Nothing motivates like appreciation. Poet David Whyte who writes books on business says, “this is not the Age of Information. This is the Age of the Loaves and the Fishes where one good word is bread for a 1,000.” We remember kind words from bosses, employees, customers and colleagues. They are the building blocks of our professional identity. Similarly, negative comments could corrupt our capacity to contribute. They erode self-esteem. Think about the kind words you heard today, then think about the kind words you’ve spoken. Find ways to speak more sweet and less vinegar.
Lead With Humility
I once called a CEO who had been on the job for about three weeks. Because I didn’t have his direct number, I called the main office of his large company. To my surprise, he answered the phone. “Doesn’t a president have something more important to do than just answer the phones?” I asked. “Well, the power went out at the plant,” he explained. “And the best thing I could do to help was to work at the switchboard where worried customers were calling in.” Shigeo Shingo, who designed much of Toyota’s manufacturing systems, said, “lead with humility. Good leaders are humble enough to what others need to succeed.” And that may be even answering the phones.
Master The Details
I recently spoke with a graduate who was at the edge of losing his first job six months into his career! He complained that the big ideas he was contributing were unappreciated. “What did they hire you to do?” I asked. “Data analytics,” he said. “Who’s doing your job while you’re doing this other job?” I asked. Well, it was awkward, but he learned just in time that first jobs are about detailed work. Every organization needs people who will do the mundane and routine work. To have a successful career, you need to master the details before you can earn the right to contribute big ideas.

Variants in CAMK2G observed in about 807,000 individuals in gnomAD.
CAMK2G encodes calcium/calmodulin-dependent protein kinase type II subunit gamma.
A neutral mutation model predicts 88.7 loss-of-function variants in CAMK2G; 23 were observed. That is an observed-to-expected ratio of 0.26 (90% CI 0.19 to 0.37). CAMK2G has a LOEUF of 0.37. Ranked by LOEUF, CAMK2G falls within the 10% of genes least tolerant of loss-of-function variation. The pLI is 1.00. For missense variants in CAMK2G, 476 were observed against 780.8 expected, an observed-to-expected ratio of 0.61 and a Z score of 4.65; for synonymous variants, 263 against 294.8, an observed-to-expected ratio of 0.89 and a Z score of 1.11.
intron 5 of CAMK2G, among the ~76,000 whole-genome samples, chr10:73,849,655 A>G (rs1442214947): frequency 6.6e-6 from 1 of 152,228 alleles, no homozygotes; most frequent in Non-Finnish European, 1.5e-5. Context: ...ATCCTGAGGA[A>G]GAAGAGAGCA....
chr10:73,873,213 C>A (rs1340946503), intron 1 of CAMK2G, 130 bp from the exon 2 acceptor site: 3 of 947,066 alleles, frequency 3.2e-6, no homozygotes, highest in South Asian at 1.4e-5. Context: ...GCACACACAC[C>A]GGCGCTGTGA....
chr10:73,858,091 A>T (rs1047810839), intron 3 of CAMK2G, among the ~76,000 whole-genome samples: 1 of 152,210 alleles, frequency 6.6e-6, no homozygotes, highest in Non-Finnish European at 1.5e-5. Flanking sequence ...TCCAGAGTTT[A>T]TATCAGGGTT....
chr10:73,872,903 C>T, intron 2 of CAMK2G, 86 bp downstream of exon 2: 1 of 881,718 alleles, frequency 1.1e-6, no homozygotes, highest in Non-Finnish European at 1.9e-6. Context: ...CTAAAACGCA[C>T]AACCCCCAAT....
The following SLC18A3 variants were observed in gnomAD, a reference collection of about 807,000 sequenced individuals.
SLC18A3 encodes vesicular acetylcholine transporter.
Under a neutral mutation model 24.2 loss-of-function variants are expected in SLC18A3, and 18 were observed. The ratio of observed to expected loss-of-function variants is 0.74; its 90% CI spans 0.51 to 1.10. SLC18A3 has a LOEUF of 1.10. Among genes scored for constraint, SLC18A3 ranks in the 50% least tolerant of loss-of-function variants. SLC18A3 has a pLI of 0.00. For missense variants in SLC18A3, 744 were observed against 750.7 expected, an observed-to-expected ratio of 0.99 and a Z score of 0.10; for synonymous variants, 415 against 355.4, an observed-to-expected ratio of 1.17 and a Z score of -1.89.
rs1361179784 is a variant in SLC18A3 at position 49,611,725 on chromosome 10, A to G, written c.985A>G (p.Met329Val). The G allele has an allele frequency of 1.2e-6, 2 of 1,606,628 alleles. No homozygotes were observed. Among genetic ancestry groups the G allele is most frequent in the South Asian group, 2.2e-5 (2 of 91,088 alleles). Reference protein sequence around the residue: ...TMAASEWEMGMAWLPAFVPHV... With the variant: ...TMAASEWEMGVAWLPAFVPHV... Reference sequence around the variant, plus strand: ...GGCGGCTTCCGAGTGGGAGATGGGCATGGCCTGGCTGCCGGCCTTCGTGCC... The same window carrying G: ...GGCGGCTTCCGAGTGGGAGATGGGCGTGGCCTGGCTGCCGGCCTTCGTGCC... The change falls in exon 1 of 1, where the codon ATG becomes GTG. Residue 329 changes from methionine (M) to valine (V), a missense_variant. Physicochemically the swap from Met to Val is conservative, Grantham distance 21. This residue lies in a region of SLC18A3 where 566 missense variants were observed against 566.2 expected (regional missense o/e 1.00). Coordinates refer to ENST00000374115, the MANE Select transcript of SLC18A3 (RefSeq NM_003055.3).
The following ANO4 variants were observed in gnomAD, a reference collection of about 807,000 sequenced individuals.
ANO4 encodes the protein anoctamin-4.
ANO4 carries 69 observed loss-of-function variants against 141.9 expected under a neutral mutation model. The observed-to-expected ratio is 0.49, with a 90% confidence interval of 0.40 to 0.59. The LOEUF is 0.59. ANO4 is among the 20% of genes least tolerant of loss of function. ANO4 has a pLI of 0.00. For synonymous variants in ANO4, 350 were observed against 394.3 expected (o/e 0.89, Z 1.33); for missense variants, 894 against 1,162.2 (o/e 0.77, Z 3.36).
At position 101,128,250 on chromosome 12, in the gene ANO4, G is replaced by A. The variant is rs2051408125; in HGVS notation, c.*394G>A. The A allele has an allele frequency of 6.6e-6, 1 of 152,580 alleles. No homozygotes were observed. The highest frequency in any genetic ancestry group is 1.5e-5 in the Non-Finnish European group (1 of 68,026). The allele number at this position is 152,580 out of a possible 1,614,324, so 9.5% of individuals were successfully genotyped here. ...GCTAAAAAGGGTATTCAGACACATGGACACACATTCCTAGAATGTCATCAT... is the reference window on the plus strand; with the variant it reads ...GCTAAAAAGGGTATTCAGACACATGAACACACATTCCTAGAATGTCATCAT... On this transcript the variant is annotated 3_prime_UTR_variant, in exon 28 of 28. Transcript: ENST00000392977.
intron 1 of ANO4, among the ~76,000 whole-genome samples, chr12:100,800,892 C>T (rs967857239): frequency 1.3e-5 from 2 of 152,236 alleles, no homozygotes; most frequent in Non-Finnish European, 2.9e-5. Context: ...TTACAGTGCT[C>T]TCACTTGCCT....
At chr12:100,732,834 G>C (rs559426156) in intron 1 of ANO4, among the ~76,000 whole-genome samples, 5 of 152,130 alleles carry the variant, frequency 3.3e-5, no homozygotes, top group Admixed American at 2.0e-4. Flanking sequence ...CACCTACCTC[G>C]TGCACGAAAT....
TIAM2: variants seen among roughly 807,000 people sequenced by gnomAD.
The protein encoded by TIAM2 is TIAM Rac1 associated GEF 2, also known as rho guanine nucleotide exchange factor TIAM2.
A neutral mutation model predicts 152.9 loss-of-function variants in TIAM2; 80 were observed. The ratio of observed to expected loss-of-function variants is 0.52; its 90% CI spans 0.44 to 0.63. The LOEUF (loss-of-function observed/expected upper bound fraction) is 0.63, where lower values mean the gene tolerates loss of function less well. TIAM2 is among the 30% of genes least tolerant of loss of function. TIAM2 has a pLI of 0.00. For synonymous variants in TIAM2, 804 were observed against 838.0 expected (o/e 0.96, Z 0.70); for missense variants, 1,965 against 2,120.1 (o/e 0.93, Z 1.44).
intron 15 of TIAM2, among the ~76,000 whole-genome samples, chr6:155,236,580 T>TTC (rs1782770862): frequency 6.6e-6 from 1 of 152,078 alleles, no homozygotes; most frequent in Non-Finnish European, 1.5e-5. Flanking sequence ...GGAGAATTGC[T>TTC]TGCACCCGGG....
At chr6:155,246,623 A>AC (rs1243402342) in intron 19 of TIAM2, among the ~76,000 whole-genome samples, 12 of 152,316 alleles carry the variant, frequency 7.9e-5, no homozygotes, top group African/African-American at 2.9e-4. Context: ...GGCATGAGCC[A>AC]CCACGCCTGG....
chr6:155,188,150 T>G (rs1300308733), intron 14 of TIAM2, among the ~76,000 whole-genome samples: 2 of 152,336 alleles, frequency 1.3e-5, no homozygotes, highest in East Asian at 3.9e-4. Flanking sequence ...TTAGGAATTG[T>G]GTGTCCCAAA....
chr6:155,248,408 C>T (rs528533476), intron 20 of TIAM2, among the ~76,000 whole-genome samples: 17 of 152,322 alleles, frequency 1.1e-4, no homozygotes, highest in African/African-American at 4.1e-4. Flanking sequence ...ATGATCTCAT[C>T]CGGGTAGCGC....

I recently heard an employee complain that “my boss doesn’t respect my opinion!” Instead of giving sympathy I said, “leave your opinion at home.” In a good work environment, opinions don't matter, facts matter. Facts are data combined with analysis. If you have data and solid analysis, then your leader and colleagues better listen and they probably will. But your opinion doesn’t matter, so leave your opinion at home and bring facts and analysis to work.
Personal And Business
Have you ever heard somebody say, “it’s not personal, it’s business?” Well, in some cultures it is always personal. Americans are mostly a rules-oriented culture. We think we can do business after a few social encounters and then sign a lasting and binding agreement. But Latino cultures and Asian cultures are relationship oriented. It’s personal. You are expected to spend a month, maybe more building a trust relationship before you reach an agreement. Then the agreement can be easily modified if needed. If you’re rules oriented, take time to get to know your potential partner. If you are relationship oriented, don’t be offended by the legal contracts and specifics they will need. After all, it’s personal AND it’s business.
A business leader who built a company came to me complaining, “I can’t solve all the problems. I just don’t have the time.” My response was, “Why are you solving problems?” A leader should be a problem clarifier and coach those who stand face to face with problems. But good leaders don’t solve problems. They help others avoid, organize and yes, sometimes solve problems. It is a real challenge for most of us to let go of things we were good at earlier in our careers and move from becoming a problem solver to becoming a problem clarifier.
A medical services company was losing business and management told a group of about 50 employees that 10 positions would be eliminated before the end of the year. This close-knit group did not want to face layoffs, so they redefined the problem. They began by identifying potential clients within walking distance of their service areas. They also developed a walk-over discount for services that had no transportation cost. Then, on their lunch breaks, they began to visit potential clients, who were surprised that the professionals, not salespeople, were calling on them. In the end, instead of losing 20 percent of their workforce, they added 20 percent new business by redefining a problem.